Professor Sidel has served as Visiting Professor of Law at Harvard Law School, Melbourne Law School, Institut d'Etudes Politiques de Paris (Sciences Po, in the "chaire Asie"), Victoria, Vermont and Miami law schools and other institutions, and as W. G. Hart Lecturer in Law at the School of Oriental and African Studies (SOAS) in the University of London. In 2008 he won the ICNL-Cordaid Civil Liberties Prize for his work on the impact of anti-terrorism law on civil society in comparative perspective, and in 2012 he was named to the Outstanding Academic Award by the Nonprofit Organizations Committee of the American Bar Association, Business Law Section. He is a graduate of Princeton University (A.B. in history, 1979), Yale University (M.A. in history, 1982), and Columbia Law School (J.D., 1985).

Professor Sidel's research and writing focus on the nonprofit sector and philanthropy (with a focus on Asia and the United States); law and development; comparative law; and human trafficking.

In addition to scholarly and policy articles, his books include:
Regulatory Waves: Comparative Perspectives on State Regulation and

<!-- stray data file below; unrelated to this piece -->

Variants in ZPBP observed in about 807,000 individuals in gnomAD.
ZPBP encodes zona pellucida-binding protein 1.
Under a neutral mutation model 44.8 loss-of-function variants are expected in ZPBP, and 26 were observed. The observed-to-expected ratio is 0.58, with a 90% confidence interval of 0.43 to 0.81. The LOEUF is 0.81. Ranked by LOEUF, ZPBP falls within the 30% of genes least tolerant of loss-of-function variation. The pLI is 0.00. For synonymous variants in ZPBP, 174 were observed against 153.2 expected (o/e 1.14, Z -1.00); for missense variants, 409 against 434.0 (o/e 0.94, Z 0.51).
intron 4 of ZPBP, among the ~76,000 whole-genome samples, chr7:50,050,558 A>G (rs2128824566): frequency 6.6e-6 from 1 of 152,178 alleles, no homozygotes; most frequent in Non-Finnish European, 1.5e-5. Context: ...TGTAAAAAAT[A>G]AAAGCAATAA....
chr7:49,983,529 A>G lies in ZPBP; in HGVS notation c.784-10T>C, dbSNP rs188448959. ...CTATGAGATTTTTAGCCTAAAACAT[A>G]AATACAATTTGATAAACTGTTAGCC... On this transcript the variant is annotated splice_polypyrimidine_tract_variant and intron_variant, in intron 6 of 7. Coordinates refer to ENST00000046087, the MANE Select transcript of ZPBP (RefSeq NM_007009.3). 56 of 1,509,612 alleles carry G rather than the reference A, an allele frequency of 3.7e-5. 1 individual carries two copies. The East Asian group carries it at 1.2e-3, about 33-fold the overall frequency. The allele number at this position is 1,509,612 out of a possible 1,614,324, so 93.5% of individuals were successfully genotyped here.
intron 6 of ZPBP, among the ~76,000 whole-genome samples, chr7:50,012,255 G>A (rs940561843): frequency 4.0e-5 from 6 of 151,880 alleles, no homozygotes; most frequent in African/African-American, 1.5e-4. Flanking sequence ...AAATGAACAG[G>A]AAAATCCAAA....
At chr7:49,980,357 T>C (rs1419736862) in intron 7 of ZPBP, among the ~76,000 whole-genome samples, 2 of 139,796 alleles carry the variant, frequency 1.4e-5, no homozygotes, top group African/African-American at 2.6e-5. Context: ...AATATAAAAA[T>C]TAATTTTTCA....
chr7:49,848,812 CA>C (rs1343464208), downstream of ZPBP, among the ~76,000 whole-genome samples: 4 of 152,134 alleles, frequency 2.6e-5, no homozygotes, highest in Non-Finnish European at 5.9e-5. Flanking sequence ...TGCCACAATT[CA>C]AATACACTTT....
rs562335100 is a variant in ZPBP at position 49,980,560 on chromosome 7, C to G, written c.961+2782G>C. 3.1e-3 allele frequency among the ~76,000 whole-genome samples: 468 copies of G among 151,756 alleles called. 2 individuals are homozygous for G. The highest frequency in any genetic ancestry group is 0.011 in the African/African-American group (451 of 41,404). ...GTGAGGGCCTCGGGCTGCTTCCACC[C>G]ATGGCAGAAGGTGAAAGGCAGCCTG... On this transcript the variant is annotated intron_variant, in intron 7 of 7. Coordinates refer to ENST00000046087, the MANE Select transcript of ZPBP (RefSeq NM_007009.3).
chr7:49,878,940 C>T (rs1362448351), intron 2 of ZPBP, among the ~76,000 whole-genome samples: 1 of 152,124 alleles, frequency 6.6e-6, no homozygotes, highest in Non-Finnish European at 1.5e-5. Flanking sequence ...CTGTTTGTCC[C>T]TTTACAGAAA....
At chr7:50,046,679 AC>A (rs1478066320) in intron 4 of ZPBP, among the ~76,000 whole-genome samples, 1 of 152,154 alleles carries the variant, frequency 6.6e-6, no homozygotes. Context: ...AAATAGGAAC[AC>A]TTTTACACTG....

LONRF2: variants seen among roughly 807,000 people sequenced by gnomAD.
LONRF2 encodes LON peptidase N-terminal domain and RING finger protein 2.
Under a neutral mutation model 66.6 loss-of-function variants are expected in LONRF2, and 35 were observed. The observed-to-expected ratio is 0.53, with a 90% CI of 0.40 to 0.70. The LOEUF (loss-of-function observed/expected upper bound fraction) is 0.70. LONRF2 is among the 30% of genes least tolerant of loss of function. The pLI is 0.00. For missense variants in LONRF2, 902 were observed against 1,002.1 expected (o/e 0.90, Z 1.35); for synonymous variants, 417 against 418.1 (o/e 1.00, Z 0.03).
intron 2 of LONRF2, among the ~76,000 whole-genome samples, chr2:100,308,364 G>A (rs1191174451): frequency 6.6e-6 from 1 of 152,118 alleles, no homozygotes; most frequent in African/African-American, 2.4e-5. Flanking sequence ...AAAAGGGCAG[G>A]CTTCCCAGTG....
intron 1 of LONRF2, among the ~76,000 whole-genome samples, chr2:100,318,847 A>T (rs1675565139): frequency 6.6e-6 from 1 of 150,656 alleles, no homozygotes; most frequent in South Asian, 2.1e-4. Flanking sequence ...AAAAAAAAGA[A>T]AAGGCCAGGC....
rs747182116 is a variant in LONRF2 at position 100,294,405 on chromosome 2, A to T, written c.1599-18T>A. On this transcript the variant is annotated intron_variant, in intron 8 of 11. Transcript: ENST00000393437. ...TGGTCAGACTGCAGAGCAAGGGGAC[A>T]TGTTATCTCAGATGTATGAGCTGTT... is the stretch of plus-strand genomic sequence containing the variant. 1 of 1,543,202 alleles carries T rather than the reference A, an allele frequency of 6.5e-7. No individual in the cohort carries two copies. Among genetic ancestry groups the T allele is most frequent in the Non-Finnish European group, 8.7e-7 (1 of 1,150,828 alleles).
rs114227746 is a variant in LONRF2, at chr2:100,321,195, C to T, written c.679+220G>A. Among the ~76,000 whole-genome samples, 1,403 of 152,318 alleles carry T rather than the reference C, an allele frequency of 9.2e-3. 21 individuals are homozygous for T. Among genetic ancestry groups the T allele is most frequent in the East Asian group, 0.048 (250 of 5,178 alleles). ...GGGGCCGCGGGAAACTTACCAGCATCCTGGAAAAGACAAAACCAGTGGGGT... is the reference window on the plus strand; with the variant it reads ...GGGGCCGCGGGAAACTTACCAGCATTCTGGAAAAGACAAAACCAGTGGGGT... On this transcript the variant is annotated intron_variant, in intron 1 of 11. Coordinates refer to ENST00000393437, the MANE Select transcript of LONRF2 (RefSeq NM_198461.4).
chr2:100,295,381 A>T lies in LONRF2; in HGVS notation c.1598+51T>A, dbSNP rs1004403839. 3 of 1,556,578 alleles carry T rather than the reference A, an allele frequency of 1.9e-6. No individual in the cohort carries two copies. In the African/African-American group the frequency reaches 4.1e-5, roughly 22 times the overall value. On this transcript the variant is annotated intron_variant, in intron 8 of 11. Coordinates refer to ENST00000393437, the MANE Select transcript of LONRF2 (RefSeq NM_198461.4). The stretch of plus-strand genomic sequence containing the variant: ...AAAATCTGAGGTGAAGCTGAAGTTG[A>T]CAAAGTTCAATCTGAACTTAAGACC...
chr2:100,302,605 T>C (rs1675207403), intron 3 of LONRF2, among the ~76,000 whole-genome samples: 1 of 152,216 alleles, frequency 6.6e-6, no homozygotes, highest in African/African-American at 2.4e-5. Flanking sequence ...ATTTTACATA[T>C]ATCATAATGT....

Self-Regulation in the Nonprofit Sector
(Cambridge University Press, forthcoming 2016, ed. with Oonagh Breen and Alison Dunn)
Central-Local Relations in Asian Constitutional Systems
(Hart Publishing, 2015, ed. with Andrew Harding)
State, Society and the Market in Contemporary Vietnam: Property, Power and Values
(Routledge 2012; paper ed. 2015, ed. with Hue-Tam Ho Tai)
Regulation of the Voluntary Sector: Freedom and Security in an Age of Uncertainty
(Routledge 2010)
The Constitution of Vietnam: A Contextual Analysis
(Hart 2009)
Law and Society in Vietnam
(Cambridge University Press 2008)
Cinema, Law, and the State in Asia
(Palgrave MacMillan 2007, ed. with Corey Creekmur)
Vietnam's New Order: International Perspectives on the State and Reform
(Palgrave Macmillan 2006, ed. with Stephanie Balme)
More Secure, Less Free? Antiterrorism Policy and Civil Liberties after September 11
(University of Michigan Press 2004, updated 2nd ed. 2007)
Philanthropy and Law in South Asia
(APPC 2004, ed. with Iftekhar Zaman, updated ed. 2007)
Old Hanoi
(Oxford University Press, 1998)

Sidel's work has also appeared in Nonprofit and Voluntary Sector Quarterly, International and Comparative Law Quarterly, Michigan Law Review, Voluntas, Michigan Journal of International Law, Pittsburgh Law Review, Texas International Law Journal, Tulane Law Review, Charity Law and Practice Review, UCLA Pacific Basin Law Journal, UC Davis Law Review, Chicago-Kent Law Review, China Quarterly, Asian Survey, SAIS Review, Signs, and other academic and professional journals, as well as in edited volumes. He also serves as editor for the Routledge book series on Civil Society in Asia.